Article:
In another video from AniMat, he poses a theory about why people have misconceptions that animation is just for kids. He claims that everyone has a desire to be independent. Because the majority of animated films target children and families to maximize their profits, adults want to distance themselves from them to reinforce the image of their independence. It’s like virtue signaling except you’re showing people you’re an adult.
He claims that CGI films target kids and families to make up for the cost of making these expensive films. I’d actually never thought of this explanation for why we don’t see more adult-oriented CGI movies. It seems obvious, but thinking about it more, I’m not sure how true this claim is, at least for CGI-animated films. Just looking up some random movies (e.g. Madagascar, Star Wars: Rogue One, Guardians of the Galaxy, The Matrix, Frozen, Inside Out, Despicable Me, The Polar Express, Gravity), the cost of making 3D-animated films seems about the same as it is for making films that are mostly live action. Smaller studio animated films are in the $30-$75,000,000 range. Pixar, Disney, Robert Zemeckis, and Square Enix films are in the $100-$200,000,000 range. The Matrix is in the high eight-digit range. Marvel movies are in the $100-$200,000,000 range…
I suppose you could argue that you can buy a camera, get volunteers together, and make a decent live-action film for next to nothing, but it’d be much more difficult to create a high-quality CGI-animated film in the same way. Live-action films that don’t use CGI can also be much less expensive (e.g. The Fault in Our Stars – $12,000,000, Eternal Sunshine of a Spotless Mind – $20,000,000). This doesn’t explain how today’s most popular, nine-figure-budget, live-action films are comedies, dramas, or action films and target everyone from children to specifically adults when mid-eight-figure-budget animated films have been almost exclusively children’s/family comedies from the start.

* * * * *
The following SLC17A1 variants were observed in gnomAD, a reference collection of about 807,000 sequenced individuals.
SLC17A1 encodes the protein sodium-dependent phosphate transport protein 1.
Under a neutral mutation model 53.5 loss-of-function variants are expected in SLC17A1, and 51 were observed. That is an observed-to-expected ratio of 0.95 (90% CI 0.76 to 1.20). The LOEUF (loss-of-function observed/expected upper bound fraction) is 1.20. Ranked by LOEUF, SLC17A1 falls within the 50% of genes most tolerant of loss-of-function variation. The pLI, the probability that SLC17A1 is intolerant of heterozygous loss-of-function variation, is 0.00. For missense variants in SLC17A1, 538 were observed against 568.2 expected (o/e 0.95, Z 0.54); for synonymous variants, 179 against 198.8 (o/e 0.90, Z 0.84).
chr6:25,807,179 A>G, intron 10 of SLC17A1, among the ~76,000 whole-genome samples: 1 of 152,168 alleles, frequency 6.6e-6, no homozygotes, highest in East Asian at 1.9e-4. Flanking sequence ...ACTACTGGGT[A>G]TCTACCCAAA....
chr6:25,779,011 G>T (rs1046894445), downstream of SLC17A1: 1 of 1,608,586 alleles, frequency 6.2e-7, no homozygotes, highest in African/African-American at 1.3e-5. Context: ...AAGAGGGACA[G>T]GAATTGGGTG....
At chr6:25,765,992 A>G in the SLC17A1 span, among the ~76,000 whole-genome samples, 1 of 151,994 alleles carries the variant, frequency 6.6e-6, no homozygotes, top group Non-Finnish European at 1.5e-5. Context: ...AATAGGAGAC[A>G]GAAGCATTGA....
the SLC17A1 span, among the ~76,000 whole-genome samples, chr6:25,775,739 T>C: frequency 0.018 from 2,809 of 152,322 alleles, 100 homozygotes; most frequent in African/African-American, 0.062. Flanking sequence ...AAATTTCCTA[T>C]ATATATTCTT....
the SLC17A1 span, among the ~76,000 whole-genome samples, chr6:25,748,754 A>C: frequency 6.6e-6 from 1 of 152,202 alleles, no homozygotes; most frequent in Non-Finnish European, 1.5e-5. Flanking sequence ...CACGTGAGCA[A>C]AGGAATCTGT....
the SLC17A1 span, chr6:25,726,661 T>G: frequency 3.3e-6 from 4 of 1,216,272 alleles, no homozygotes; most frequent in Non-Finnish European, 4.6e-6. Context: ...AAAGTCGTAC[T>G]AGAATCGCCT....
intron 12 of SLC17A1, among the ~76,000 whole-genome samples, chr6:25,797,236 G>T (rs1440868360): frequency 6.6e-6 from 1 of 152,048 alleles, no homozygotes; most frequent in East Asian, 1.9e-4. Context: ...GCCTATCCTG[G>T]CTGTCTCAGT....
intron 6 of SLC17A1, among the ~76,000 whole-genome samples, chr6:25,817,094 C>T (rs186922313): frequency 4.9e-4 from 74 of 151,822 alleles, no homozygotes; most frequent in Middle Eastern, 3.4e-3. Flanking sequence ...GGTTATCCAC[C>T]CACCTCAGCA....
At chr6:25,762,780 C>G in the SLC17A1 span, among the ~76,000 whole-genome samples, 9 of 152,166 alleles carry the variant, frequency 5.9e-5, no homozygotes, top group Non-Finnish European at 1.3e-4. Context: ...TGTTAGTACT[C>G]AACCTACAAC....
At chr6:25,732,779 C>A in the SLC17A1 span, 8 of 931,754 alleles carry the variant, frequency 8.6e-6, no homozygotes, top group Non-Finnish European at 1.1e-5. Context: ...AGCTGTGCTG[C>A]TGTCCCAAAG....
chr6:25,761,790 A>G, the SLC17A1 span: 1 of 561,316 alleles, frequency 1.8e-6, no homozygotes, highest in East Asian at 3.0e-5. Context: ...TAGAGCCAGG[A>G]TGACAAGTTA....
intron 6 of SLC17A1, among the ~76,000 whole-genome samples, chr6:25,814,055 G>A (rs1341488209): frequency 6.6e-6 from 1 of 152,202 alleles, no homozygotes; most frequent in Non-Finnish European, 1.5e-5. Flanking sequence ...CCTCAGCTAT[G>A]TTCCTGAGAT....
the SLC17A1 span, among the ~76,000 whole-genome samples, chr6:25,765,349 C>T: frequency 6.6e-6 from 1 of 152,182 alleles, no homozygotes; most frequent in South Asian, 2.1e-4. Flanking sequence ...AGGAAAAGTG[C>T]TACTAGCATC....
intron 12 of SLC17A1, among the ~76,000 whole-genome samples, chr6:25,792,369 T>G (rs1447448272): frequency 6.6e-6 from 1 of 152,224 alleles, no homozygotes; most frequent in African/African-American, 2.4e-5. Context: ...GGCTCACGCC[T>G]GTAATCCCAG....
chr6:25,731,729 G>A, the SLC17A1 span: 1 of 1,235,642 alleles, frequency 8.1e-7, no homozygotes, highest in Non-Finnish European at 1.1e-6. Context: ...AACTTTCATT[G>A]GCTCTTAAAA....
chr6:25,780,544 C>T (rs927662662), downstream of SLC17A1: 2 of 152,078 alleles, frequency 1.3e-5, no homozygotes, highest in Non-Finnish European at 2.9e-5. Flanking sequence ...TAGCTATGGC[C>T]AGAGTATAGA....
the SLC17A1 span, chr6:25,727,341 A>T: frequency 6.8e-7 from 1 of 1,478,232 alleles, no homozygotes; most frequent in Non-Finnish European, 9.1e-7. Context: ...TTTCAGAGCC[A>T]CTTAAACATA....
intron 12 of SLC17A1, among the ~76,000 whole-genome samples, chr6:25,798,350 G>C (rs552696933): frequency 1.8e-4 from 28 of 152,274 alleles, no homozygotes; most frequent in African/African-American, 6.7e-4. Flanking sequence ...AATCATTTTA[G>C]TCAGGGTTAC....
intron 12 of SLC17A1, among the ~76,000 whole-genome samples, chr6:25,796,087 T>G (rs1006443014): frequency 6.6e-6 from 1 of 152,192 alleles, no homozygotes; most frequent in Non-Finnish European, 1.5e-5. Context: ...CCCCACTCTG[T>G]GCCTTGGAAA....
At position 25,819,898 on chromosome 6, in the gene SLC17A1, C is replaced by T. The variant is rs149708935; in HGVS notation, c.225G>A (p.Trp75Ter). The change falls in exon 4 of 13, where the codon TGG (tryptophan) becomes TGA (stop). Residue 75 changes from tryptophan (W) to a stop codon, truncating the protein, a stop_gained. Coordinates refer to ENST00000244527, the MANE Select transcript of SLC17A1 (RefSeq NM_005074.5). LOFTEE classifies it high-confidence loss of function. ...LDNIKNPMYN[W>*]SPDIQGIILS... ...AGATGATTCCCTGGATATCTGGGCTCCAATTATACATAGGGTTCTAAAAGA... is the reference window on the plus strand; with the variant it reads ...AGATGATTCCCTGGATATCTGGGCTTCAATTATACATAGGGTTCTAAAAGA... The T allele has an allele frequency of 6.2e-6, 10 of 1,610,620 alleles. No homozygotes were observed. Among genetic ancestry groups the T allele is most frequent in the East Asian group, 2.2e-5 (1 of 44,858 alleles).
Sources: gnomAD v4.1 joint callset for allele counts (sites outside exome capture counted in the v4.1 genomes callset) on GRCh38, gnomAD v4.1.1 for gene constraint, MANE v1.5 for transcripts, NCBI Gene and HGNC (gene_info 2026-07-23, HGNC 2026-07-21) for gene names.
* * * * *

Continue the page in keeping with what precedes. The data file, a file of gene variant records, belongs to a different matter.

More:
The common story, as depicted in documentaries like Life After Pi and horror stories from former Sausage Party animators, is that animators are grossly underpaid, so these numbers probably don’t reflect the actual time and effort people spend to make these films. The point is, however, that I don’t think the case can be made so easily that animated movies aren’t as diverse in content as live-action movies because they’re expensive to make. They probably should be expensive, but they’re not.
I’m not sold on the idea that adult signaling is the reason animated films are perceived as children’s entertainment either. With the popularity of cartoons like modern My Little Pony, Steven Universe, and Gravity Falls; adult-oriented comedies like Family Guy, The Simpsons, and almost everything on Adult Swim; and movies like Despicable Me, the idea that cartoons are only for children seems like an outdated one. People in their 20s-30s and older willingly discuss their love of these films. I’ve certainly heard people express outrage at discovering, say, the R-rated Starship Troopers: Invasion movie is a CGI animated “children’s” cartoon, but acceptance of adults watching animated films seems more common.
I think there is a stigma around children’s/family CGI animation though. As much as I love CGI, I have no interest in watching most of them specifically because they look like generic children’s/family films. Though I enjoy them for their rarity, experimentation, and occasional ridiculousness, most adult-oriented CGI films have badly told or outright terrible stories. CGI is such a young medium that filmmakers still don’t seem to know what it’s for and how to use it. You’d think taking filmmaking techniques from 2D animation and live-action films and applying them to CGI would translate easily, but they don’t. The result has been many terrible and generic films and failed experiments and perhaps even this false perception that, in general, CGI movies are mindless films that only a child or an idiot could enjoy.
Then again, when I was little, I preferred A Bug’s Life to Antz. Now, as an adult, I prefer Antz (a film I suspect would be rated PG-13 if it were released today) to A Bug’s Life. So maybe something about the content of these films just tends to appeal to children more than adults.